THE BOB EDWARDS SHOW HIGHLIGHTS – September 13-17, 2010
Monday, September 13, 2010
Literary critic Jonathan Arac has written books on novelists like Charles Dickens, Herman Melville, and Mark Twain. But in his most recent work, Professor Arac has written that the “age of the novel” in the U.S. has passed. The special relationship that the novel once had with the national imagination, he argues, has passed to television and film. So what’s a literary critic to do? We’ll talk about this question with him, as well as his new book, Impure Worlds: the Institution of Literature in the Age of the Novel.
Tuesday, September 14, 2010
Pulitzer Prize-winning journalist Thomas French spent six years at the zoo, getting to know its cast of characters inside — and outside — of the cages. In his book Zoo Story: Life in the Garden of Captives, French questions the morality of zoos through the stories that he tells of the animals and their keepers. Then, we finish with a word from cowboy poet and friend to the show, Baxter Black.
Wednesday, September 15, 2010:
We conclude our series No Place Like Home with a look at the future of the New Orleans region. Bob talks with Tim Williamson, co-founder and CEO of The Idea Village about their mission to help local entrepreneurs like Kenneth Purcell and Jennifer Schnidman. Then we visit with Paul Baricos of the Hollygrove Market and Farm and meet two of the farmers working there to help rebuild the roots of their neighborhood. Ronald Terry is a mentor farmer specializing in miniature fruit trees and Michael Beauchamp is a community gardener who grows his own vegetables and flowers in plots at the urban farm.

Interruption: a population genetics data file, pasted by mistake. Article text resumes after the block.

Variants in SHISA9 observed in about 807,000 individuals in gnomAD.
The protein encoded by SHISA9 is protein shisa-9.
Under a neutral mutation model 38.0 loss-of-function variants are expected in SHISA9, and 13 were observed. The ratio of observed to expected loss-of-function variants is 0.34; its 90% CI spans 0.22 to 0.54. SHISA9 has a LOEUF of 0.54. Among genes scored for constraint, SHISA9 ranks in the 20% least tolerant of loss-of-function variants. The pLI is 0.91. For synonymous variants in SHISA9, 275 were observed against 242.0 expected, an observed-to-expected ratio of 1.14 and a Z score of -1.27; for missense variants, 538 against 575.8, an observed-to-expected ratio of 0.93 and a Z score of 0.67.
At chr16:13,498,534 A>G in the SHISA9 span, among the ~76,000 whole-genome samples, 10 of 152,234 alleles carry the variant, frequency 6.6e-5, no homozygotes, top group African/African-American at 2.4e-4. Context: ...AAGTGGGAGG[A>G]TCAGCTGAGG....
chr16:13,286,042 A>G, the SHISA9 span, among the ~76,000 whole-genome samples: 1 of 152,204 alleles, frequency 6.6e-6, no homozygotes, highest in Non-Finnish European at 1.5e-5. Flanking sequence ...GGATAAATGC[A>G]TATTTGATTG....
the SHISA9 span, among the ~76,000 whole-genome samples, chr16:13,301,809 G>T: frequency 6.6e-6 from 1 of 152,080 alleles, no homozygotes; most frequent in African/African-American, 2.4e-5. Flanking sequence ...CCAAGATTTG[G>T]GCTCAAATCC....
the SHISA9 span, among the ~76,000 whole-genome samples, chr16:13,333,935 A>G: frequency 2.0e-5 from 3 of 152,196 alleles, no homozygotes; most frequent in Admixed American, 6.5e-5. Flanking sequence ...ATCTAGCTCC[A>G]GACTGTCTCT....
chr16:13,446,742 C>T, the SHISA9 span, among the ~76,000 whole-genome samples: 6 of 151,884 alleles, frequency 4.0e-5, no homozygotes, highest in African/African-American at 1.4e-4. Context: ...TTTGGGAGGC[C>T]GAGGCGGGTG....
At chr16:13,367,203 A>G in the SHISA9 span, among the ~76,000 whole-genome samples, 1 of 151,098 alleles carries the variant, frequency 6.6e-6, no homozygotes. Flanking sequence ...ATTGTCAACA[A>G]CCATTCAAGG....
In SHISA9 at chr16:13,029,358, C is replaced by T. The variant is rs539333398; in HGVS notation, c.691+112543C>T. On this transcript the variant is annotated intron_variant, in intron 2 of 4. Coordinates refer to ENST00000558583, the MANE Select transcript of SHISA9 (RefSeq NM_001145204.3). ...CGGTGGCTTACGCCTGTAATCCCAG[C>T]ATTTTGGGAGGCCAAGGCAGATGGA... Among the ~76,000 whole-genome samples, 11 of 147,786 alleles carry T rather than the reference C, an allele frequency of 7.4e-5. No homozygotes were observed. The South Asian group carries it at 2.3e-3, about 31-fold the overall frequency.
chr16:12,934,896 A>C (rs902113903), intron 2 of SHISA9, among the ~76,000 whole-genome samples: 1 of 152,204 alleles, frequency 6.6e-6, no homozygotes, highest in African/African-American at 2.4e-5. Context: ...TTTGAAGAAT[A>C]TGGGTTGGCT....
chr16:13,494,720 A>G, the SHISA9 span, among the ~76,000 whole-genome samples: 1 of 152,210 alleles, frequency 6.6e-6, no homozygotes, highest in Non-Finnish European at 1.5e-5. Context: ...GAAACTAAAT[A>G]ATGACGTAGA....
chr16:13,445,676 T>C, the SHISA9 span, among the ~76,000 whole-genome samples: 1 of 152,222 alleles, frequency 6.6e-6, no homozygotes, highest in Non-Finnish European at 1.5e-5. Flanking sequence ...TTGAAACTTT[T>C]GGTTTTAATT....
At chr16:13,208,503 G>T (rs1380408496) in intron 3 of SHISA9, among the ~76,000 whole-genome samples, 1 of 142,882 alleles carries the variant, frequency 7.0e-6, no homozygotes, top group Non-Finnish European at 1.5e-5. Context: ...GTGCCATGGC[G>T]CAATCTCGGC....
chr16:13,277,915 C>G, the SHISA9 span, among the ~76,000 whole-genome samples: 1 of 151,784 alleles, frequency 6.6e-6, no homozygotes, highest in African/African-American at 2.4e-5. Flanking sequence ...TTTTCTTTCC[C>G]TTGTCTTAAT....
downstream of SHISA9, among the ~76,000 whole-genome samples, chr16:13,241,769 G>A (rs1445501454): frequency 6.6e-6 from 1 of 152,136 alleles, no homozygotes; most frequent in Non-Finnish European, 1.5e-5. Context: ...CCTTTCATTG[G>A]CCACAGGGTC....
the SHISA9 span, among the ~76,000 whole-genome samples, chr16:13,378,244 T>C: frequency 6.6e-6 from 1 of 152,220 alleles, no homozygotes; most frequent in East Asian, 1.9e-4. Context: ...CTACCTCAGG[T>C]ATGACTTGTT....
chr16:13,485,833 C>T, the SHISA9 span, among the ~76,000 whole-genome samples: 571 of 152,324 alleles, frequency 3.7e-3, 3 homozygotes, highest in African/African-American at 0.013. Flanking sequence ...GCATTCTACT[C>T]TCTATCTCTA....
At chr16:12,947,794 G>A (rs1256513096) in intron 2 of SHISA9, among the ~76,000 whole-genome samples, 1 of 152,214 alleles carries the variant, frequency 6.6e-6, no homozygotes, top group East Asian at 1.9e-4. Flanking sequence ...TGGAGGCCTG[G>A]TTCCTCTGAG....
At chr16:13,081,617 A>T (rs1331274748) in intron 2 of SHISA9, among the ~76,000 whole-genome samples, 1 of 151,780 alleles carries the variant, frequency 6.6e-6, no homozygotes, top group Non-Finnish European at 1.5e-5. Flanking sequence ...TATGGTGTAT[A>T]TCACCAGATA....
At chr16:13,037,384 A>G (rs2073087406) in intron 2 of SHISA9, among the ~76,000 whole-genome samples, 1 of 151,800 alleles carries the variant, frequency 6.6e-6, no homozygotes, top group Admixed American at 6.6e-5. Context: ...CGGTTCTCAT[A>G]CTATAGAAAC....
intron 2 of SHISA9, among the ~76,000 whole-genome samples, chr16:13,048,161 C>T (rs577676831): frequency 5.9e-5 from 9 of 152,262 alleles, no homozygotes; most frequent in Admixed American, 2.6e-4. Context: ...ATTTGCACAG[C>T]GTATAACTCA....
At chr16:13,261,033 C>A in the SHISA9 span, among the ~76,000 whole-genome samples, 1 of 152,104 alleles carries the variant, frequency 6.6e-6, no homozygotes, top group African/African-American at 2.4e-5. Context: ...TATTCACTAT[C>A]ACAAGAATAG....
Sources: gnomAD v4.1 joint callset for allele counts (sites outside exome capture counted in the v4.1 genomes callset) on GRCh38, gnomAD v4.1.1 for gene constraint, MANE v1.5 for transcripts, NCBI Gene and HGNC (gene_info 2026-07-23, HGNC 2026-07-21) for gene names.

Thursday, September 16, 2010
A Grand and Bold Thing author Ann Finkbeiner talks about the Sloan Digital Sky Survey, a massive map of the sky that brought us into today’s era of supercharged astronomical discovery and might reveal the history of the universe. Then, Michael Stuhlbarg plays the gangster Arnold Rothstein in the new HBO series, Boardwalk Empire. The show is set in Atlantic City during the Prohibition Era. The pilot episode, directed by Martin Scorsese, premiers this weekend.
Friday, September 17, 2010:
David Broder of The Washington Post joins Bob to talk politics. Next, Garret Keizer opens his book with the admission that “noise is not the most important problem in the world.” But by examining noise in history, in culture, in our own backyards, Keizer argues that we can find answers to some of the big questions. His book is titled The Unwanted Sound of Everything We Want: A Book About Noise. Then, in this week’s installment of our ongoing series This I Believe, we hear an essay from Andrew Brodsky. He is a policy analyst for an educational consulting firm in Denver. Brodsky and his wife also run two websites selling handmade wedding invitations. They now have a daughter, Nina, who they plan to raise in both the Christian and Jewish faith traditions.